MainConcept Demonstrates 8K Live in the Cloud at NAB 2022
As the first large-scale conference in over two years, NAB was hectic, and we missed the opportunity of seeing MainConcept‘s 8K demo in Vegas. They kindly agreed to give us a virtual catchup session, and I met with Geoff Gordon, MainConcept VP Marketing, and Thomas Kramer, VP Strategy & Business Development.
The company, founded in 1993 in Aachen, Germany, is now part of the US-based Media, Entertainment and Sports conglomerate Endeavor.
The NAB Demo I wanted to see was the “8K live in the Cloud.” It used familiar content from The Explorers.
The demo runs on a single AWS EC2 G4 instance that uses four NVIDIA T4 Tensor (Turing architecture) GPUs, delivering full live encoding of three streams:
Two of the GPUs are used for encoding the 8K stream, and during the demo, GPU usage went up to 70%, producing an 80 Mbps HEVC stream for 8Kp50 10-bit and a 20 Mbps 4K stream. MainConcept pointed out that although the NAB demo ran at up to 50 fps for 8K and 4K encoding, their technology is capable of 60 fps.
All details for the demo are in the table below.
|System Monitor||Frame rate||Bitrate|
|GPU 1||HEVC 8K Ingest/Decoding||50 fps||8K source = 90 Mbit|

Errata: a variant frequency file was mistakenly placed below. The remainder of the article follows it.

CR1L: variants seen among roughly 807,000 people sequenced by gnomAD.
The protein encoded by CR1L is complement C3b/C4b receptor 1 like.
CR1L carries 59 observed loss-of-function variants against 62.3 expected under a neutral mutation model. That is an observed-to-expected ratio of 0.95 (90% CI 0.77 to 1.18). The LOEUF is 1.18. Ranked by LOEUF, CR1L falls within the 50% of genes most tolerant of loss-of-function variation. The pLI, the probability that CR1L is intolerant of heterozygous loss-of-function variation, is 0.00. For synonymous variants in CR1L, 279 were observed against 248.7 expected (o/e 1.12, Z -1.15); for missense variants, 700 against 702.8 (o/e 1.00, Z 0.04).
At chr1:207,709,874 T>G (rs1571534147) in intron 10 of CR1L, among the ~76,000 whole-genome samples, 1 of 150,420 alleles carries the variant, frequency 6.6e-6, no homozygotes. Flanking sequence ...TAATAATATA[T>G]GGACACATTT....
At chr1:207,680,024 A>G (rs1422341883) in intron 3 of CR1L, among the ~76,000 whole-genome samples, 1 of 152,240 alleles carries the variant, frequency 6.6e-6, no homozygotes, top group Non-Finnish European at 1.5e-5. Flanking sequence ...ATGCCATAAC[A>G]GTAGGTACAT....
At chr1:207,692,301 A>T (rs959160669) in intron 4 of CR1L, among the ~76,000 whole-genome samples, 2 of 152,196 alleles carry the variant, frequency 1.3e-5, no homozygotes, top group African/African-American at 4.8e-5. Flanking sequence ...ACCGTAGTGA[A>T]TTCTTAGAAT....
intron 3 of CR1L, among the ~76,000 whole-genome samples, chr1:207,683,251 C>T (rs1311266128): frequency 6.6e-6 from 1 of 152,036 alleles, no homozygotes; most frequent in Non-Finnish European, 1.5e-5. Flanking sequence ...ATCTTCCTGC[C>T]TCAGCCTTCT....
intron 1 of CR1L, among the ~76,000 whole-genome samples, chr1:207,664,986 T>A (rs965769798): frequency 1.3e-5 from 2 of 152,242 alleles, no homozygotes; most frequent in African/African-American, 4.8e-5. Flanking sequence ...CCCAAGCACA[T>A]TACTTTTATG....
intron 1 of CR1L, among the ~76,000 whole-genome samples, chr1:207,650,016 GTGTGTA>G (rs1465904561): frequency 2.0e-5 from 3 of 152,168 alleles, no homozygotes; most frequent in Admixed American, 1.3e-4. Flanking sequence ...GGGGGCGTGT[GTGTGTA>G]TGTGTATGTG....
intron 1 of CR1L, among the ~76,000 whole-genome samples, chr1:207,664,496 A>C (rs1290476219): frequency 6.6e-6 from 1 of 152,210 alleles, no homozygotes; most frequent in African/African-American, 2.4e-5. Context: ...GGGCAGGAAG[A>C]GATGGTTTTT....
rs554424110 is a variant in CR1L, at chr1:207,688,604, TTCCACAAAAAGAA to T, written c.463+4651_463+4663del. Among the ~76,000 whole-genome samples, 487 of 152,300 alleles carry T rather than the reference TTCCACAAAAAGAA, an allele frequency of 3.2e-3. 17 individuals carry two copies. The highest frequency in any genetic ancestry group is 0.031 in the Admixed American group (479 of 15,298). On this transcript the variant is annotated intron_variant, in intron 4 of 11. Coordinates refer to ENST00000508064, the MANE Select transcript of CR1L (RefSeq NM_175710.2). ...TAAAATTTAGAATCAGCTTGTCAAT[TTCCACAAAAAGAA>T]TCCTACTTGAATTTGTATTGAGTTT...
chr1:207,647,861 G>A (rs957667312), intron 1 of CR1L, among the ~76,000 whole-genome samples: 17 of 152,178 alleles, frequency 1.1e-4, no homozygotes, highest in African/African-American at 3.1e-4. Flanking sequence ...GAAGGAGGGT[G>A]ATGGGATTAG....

|GPU 2 & 3||Hybrid HEVC 8K Encoding||50 fps||8K layer = 80 Mbit|
|GPU 4||Hybrid HEVC 4K Encoding||50 fps||4K layer = 20 Mbit|
|CPU||HEVC 720p Software Encoding||25 fps||720p layer = 1.5 Mbit|
MainConcept told us that for the 90 Mbps input stream, as long as a single GPU can decode the HEVC 8K input signal in real-time, its bandwidth doesn’t impact the hardware.
Note that what we call a “layer” here is also known as a “rung” in an encoding ladder.
The source file used, as well as all three streams created, were encoded with HEVC.
The following flowchart illustrates the demonstration’s workflow.
Geoff Gordon informed me that in Las Vegas, they limited the live output to 720p because of the high prices charged by NAB’s telecom provider for dedicated lines. Without that limitation, the output would be 4K with 25 Mbps or 8K with 80 Mbps.